Do you remember the television ad Hillary Clinton ran during the 2008 primaries in which dark music played in the background and a phone rings, and the voiceover says it is the middle of the night and asks who you want to pick up that phone? It was a good ad, even if it involved a bit of marketing hyperbole. For starters, no matter who took the call, the most likely first question they would ask is: “What do you recommend?” So, it was just as, if not more, important to know who was placing the call as who was taking it, and the person placing the call would be the National Security Advisor. The current incumbent in that post, Tom Donilon, would be as likely to hold that job in a Clinton administration as in an Obama one. So, the ad raised a false contrast between Clinton and Obama.
There is one other thing we know about that ad. No matter who is taking the call, no matter who is placing the call, the call that keeps all of Washington’s leading officials worried about is a call about Pakistan. There is no country on the planet capable of destabilizing the rest of the planet as Pakistan is so capable. Its intelligence and military services contain Islamic extremists, or allies of Islamic extremists, who sniff at Western concerns. Its civilian leadership has always been weak. Its borders with Afghanistan and India are constant sources of anxiety and strife. And, unlike Iraq, and unlike Al-Qaeda, and unlike the Taliban, Pakistan has nuclear bombs. This is the stuff of nightmares.
Churchill famously said of Russia, “It is a riddle, wrapped in a mystery, inside an enigma; but perhaps there is a key. That key is Russian national interest.” Unfortunately, in Pakistan, this insight does not pertain. The challenges facing Pakistan, and therefore the world, are not mysterious in the least. Religious fundamentalism is many things but mysterious is not among them. The problem of economic development in the Third World, and the shifting cultural norms such development entails, are complicated, sometimes difficult and arduous, but they are not really enigmatic. And, if Churchill, correctly it turned out, saw Russian national interest as the key to explaining Soviet intentions and behavior, no such key exists in understanding Pakistan. Communism pretended to be a transnational, workers’ movement when it was, in fact, a dictatorship of the few or the one. Islamic fundamentalism actually is a transnational, believers’ movement with adherents more devoted to their religious cause then they are to any national state. What to do about it is the question and the hard reality is that there are no good answers.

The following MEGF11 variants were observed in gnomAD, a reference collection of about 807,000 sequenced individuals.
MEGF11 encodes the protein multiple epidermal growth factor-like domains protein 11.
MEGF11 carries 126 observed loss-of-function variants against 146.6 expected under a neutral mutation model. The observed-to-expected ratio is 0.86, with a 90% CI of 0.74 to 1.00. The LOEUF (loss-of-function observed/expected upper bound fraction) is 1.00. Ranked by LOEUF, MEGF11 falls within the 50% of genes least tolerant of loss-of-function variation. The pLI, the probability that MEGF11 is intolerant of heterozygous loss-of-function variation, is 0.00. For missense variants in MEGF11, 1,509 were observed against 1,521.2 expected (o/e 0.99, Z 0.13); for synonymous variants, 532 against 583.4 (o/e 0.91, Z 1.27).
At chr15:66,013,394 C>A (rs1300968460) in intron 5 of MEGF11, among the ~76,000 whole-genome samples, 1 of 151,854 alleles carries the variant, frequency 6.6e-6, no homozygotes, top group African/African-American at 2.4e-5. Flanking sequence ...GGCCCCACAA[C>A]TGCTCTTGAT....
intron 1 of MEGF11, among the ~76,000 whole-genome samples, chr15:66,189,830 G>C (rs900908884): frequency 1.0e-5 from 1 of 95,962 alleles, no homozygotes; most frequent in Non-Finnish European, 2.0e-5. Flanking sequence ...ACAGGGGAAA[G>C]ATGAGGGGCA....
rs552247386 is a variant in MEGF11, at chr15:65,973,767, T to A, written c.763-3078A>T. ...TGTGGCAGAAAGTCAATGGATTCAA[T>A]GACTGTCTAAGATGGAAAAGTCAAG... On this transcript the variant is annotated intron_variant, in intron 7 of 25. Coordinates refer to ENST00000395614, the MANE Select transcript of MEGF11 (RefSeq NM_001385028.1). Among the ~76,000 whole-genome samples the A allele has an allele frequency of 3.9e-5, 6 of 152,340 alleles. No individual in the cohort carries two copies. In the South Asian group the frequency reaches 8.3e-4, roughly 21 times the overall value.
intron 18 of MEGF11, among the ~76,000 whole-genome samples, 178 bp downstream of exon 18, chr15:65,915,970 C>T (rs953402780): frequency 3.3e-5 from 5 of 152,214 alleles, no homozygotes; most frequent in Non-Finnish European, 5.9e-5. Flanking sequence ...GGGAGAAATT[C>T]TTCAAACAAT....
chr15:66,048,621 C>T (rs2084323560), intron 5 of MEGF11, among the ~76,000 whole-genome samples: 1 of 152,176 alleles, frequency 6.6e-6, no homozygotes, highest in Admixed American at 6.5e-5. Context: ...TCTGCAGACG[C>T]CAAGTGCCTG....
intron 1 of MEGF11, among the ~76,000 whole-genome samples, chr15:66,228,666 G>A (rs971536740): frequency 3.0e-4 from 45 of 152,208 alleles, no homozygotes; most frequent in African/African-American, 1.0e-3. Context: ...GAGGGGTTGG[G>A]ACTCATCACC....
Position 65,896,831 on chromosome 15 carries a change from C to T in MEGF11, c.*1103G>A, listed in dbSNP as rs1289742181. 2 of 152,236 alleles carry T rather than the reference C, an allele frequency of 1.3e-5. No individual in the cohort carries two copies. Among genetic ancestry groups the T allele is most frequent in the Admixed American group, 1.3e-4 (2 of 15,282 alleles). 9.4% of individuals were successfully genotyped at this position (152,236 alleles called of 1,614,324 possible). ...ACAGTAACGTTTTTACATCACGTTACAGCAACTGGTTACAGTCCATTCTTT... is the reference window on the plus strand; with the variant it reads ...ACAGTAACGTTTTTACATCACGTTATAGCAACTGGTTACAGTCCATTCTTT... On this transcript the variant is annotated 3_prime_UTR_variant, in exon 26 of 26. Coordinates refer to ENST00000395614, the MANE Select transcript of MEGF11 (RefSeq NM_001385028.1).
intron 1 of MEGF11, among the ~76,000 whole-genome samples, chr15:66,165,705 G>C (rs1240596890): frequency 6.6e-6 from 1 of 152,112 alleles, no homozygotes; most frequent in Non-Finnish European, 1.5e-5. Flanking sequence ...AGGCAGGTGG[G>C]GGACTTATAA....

The assassination of Governor Salman Taseer yesterday bodes ill. He was killed by one of his own bodyguards who was offended by Taseer’s blunt and outspoken opposition to the nation’s anti-blasphemy laws. In short, Taseer was the kind of politician Pakistan desperately needs, someone who understands the danger of religious fanaticism and who possesses the courage to speak against the danger. His funeral will be today. Will he take with him into the grave the last best hopes for a humane and civilized Pakistan? Will his assassination, like that of John F. Kennedy, achieve a rallying around the causes for which Taseer fought, the way Congress passed the Civil Rights Act of 1964 as a kind of tribute to Kennedy’s memory but it is highly doubtful the bill would have passed had Kennedy never gone to Dallas? Or, will the assassination touch off another round of violence with ineffectual government crackdowns against extremists, more attacks by extremists, etc.?
If there is any hope, it is in the hope that the waves of religious fervor eventually will reach the shore and then go back out to sea. I do not know if this will happen in Pakistan and the rest of the Muslim world. Will their version of a “Great Awakening” peter out or will it continue? Certainly, here in the West, there were alternate loci of power and influence in the culture to help the wave of religious fervor come to a timely end. The fact that awakenings keep happening shows that they correspond to some basic human need that can be repressed for a while but will break forth again. The fact that they do not tend to last indicates the difficulty in passing on a sense of religious revolution to one’s children. But, as I say, that is how these episodes of religious fervor played out in America and who knows how they will play out in Pakistan. One thing we do know: It is the issue that keeps Obama up at night.